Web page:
Inside the mind of someone struggling with social anxiety
I’ve always admired people who are able to laugh at themselves. The people who do something awkward or stupid, put their foot in their mouth, make a (temporary) ass of themselves—then laugh, turn it into a funny story, and carry on. Maybe they accidentally offend someone, or they call their new boss by the wrong name, or they choke during a public speaking event.
It sucks in the moment, but it’s just a day in the life for them. They may feel a twinge of embarrassment, sure—their face may flush, and they might feel like an idiot, but then they throw their head back and laugh, and the just like that, the moment is in the past. It rolls right off their skin like a drop of water—insignificant, just a blip in their radar.
OK, so maybe I don’t just admire these people. I envy them so much that it physically pains me. Because when I embarrass myself, I don’t let it roll off me.
I drown in it.
Oh my god. I just offended her.
That one drop of water turns into thousands of drops before my very eyes.
I can’t believe I said that. Why would I say that? I apologized, but she still probably hates me. Maybe I’ll apologize again. Oh my god, I think I’ve annoyed her now.
They split off, multiply, swallowing me whole.
She thinks I’m an awful, stupid person. She probably will tell everybody about it.
And suddenly, what was once a drop of water becomes a dark, murky ocean. And I try so hard to swim to safety, escape to land, but I can’t remember how I got here, and I don’t know which direction to go.
Everybody probably hates me. Everybody DOES hate me.
I frantically paddle, trying to keep my head above the black water. But the waves get bigger, more ferocious, and no matter how frantically I swim, I’m sinking.
Everybody has always hated me, and they’ve just been pretending like they don’t, because they’re nice people. But they know I’m not one of them.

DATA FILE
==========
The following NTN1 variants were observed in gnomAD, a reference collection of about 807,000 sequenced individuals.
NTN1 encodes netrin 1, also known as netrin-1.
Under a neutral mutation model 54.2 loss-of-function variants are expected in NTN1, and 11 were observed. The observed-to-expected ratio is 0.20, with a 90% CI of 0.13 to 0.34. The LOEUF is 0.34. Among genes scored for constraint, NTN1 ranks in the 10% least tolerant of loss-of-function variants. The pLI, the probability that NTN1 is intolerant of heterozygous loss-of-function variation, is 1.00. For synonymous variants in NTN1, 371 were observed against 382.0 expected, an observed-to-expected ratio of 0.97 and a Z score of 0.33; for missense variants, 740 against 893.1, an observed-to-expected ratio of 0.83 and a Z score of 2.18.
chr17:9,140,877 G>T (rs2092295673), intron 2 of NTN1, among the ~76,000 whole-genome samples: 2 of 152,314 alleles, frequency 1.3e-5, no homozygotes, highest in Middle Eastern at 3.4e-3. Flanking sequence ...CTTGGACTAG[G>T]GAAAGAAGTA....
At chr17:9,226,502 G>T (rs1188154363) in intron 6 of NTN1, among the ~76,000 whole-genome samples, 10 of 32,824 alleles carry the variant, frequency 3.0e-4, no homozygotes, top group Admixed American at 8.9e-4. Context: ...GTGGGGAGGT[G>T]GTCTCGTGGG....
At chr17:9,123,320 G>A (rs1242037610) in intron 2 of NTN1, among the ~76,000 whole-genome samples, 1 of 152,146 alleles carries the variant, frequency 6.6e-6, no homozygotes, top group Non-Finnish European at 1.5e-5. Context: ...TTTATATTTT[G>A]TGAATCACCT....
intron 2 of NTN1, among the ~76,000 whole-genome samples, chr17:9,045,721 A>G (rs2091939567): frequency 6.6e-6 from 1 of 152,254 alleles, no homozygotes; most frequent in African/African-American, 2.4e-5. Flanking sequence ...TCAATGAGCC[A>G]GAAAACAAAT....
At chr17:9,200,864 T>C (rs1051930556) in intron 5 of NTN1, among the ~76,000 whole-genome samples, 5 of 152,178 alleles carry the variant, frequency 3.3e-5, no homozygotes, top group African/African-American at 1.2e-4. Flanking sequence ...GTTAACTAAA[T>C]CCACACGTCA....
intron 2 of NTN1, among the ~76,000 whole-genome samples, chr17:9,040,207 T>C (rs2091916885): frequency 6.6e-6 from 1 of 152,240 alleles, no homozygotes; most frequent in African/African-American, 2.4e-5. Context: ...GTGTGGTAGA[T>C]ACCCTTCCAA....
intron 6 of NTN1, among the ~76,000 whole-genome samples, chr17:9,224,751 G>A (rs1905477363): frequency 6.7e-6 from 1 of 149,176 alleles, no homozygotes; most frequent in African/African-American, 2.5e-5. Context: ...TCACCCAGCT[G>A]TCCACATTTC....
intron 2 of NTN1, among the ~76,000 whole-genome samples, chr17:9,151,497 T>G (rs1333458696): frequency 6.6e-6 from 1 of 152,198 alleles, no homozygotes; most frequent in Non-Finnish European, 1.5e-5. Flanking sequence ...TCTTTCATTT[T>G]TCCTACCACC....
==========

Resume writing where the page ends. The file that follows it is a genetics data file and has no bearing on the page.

I try to keep my head above the waves, but it’s like the harder I try, the heavier I become. My lungs are collapsing. I’ve forgotten what it’s like to be out of the water. All I can do is keep on paddling until the water dries up on its own. And all the while, I’m terrified that it won’t dry up this time. That I’ll be stuck here, paddling in vain, gasping for air…forever.
But it does dry up. It always does. And then, finally able to breathe again, I try to figure out what happened. I make charts, lists, blindly trying to figure out what triggered my social anxiety this time, and how I can live life like a normal person without drowning again.
Because that’s what social anxiety is for me. It’s walking out into the world knowing that at any second, I may suddenly be submerged in an ocean of my own thoughts, gasping for air, waiting desperately until I reach solid ground, all while wondering if I will at all. The fear of offending someone or embarrassing myself is crippling. The trigger could be something major, like a networking event or a serious one-on-one meeting with my boss. But a tweet without the right punctuation might set me off, or perhaps a text I’ve sent that didn’t receive an answer within an hour.
Every single interaction is terrifying because I never know if it will be the one to make me drown all over again. And I start shaking, apologizing to the person I probably didn’t offend, but the apologies make me more nervous, and suddenly I can’t breathe. I’m submerged in the black water, and all I can do is wait.
It’s enough to make me avoid social contact completely. And some days, I do. Some days, I just want to lay in my bed without talking to anyone at all, because I just need 24 hours where I am certain, absolutely and unequivocally, that I will stay dry.
But after a while, I remember that the only thing worse than drowning is loneliness. I have to face it. I know I have to. After a while, I learn that I will drown again—but that it’s better to face that possibility than it is to stay on my own little private island forever.
I pull myself together and hope desperately that the tides will stay at bay. I hold my head high, swallowing back my fear, trying to hide the fact that my hands are shaking. I open the door and walk out into the light.
And the knowledge that I’m strong enough to do this, despite it all, makes that giant, murky ocean seem just a little bit smaller.
(Photo via IMDb)